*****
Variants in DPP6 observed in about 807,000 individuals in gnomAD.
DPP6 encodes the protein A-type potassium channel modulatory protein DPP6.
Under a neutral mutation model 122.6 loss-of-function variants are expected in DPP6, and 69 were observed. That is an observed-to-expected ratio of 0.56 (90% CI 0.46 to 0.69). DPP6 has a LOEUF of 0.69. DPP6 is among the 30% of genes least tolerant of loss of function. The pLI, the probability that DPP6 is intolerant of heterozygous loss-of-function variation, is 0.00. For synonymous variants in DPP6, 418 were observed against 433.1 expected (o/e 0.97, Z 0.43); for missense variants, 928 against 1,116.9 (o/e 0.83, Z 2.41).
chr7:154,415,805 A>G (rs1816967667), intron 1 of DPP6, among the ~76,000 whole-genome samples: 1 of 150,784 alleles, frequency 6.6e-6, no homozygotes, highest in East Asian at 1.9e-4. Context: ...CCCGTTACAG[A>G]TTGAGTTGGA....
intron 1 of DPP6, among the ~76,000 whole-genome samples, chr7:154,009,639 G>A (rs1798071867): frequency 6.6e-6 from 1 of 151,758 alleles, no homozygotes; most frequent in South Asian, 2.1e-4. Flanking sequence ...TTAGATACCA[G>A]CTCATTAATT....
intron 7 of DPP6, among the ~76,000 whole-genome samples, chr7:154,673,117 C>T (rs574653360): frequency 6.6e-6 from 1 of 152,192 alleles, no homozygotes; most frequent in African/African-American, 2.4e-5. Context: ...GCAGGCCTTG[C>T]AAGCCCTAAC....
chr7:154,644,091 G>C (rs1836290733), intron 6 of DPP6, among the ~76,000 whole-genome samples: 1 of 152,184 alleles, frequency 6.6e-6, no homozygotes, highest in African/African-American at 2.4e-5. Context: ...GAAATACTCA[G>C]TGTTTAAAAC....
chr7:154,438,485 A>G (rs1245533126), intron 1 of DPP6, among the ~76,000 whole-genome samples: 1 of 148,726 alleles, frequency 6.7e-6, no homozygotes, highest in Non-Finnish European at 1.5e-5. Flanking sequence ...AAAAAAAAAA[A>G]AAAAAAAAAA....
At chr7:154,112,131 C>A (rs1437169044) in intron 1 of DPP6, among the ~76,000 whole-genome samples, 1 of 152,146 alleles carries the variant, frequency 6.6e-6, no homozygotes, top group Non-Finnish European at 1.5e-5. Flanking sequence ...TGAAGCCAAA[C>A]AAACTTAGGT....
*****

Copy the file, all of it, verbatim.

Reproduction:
Variants in DPP6 observed in about 807,000 individuals in gnomAD.
DPP6 encodes the protein A-type potassium channel modulatory protein DPP6.
Under a neutral mutation model 122.6 loss-of-function variants are expected in DPP6, and 69 were observed. That is an observed-to-expected ratio of 0.56 (90% CI 0.46 to 0.69). DPP6 has a LOEUF of 0.69. DPP6 is among the 30% of genes least tolerant of loss of function. The pLI, the probability that DPP6 is intolerant of heterozygous loss-of-function variation, is 0.00. For synonymous variants in DPP6, 418 were observed against 433.1 expected (o/e 0.97, Z 0.43); for missense variants, 928 against 1,116.9 (o/e 0.83, Z 2.41).
chr7:154,415,805 A>G (rs1816967667), intron 1 of DPP6, among the ~76,000 whole-genome samples: 1 of 150,784 alleles, frequency 6.6e-6, no homozygotes, highest in East Asian at 1.9e-4. Context: ...CCCGTTACAG[A>G]TTGAGTTGGA....
intron 1 of DPP6, among the ~76,000 whole-genome samples, chr7:154,009,639 G>A (rs1798071867): frequency 6.6e-6 from 1 of 151,758 alleles, no homozygotes; most frequent in South Asian, 2.1e-4. Flanking sequence ...TTAGATACCA[G>A]CTCATTAATT....
intron 7 of DPP6, among the ~76,000 whole-genome samples, chr7:154,673,117 C>T (rs574653360): frequency 6.6e-6 from 1 of 152,192 alleles, no homozygotes; most frequent in African/African-American, 2.4e-5. Context: ...GCAGGCCTTG[C>T]AAGCCCTAAC....
chr7:154,644,091 G>C (rs1836290733), intron 6 of DPP6, among the ~76,000 whole-genome samples: 1 of 152,184 alleles, frequency 6.6e-6, no homozygotes, highest in African/African-American at 2.4e-5. Context: ...GAAATACTCA[G>C]TGTTTAAAAC....
chr7:154,438,485 A>G (rs1245533126), intron 1 of DPP6, among the ~76,000 whole-genome samples: 1 of 148,726 alleles, frequency 6.7e-6, no homozygotes, highest in Non-Finnish European at 1.5e-5. Flanking sequence ...AAAAAAAAAA[A>G]AAAAAAAAAA....
At chr7:154,112,131 C>A (rs1437169044) in intron 1 of DPP6, among the ~76,000 whole-genome samples, 1 of 152,146 alleles carries the variant, frequency 6.6e-6, no homozygotes, top group Non-Finnish European at 1.5e-5. Flanking sequence ...TGAAGCCAAA[C>A]AAACTTAGGT....